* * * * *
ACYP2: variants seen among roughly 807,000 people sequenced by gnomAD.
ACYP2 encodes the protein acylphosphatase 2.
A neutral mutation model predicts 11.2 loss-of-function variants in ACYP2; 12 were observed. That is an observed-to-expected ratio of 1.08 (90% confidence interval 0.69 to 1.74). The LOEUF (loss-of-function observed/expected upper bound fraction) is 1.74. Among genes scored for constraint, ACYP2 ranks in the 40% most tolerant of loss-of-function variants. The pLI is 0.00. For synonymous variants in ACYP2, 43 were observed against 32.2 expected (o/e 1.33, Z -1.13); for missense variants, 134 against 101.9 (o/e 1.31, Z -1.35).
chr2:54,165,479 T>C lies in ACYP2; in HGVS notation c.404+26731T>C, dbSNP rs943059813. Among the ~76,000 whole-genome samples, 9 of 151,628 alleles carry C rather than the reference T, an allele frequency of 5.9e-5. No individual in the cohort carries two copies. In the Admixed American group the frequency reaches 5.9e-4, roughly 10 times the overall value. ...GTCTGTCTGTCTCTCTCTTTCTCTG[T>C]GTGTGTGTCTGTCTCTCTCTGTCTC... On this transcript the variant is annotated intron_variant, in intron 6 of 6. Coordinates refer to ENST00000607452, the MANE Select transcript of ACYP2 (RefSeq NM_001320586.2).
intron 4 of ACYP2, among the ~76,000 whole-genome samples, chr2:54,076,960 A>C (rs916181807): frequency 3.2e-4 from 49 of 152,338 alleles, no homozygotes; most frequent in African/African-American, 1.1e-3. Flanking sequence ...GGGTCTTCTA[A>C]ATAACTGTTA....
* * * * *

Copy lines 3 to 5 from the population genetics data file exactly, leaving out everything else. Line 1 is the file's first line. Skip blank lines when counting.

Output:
A neutral mutation model predicts 11.2 loss-of-function variants in ACYP2; 12 were observed. That is an observed-to-expected ratio of 1.08 (90% confidence interval 0.69 to 1.74). The LOEUF (loss-of-function observed/expected upper bound fraction) is 1.74. Among genes scored for constraint, ACYP2 ranks in the 40% most tolerant of loss-of-function variants. The pLI is 0.00. For synonymous variants in ACYP2, 43 were observed against 32.2 expected (o/e 1.33, Z -1.13); for missense variants, 134 against 101.9 (o/e 1.31, Z -1.35).
chr2:54,165,479 T>C lies in ACYP2; in HGVS notation c.404+26731T>C, dbSNP rs943059813. Among the ~76,000 whole-genome samples, 9 of 151,628 alleles carry C rather than the reference T, an allele frequency of 5.9e-5. No individual in the cohort carries two copies. In the Admixed American group the frequency reaches 5.9e-4, roughly 10 times the overall value. ...GTCTGTCTGTCTCTCTCTTTCTCTG[T>C]GTGTGTGTCTGTCTCTCTCTGTCTC... On this transcript the variant is annotated intron_variant, in intron 6 of 6. Coordinates refer to ENST00000607452, the MANE Select transcript of ACYP2 (RefSeq NM_001320586.2).
intron 4 of ACYP2, among the ~76,000 whole-genome samples, chr2:54,076,960 A>C (rs916181807): frequency 3.2e-4 from 49 of 152,338 alleles, no homozygotes; most frequent in African/African-American, 1.1e-3. Flanking sequence ...GGGTCTTCTA[A>C]ATAACTGTTA....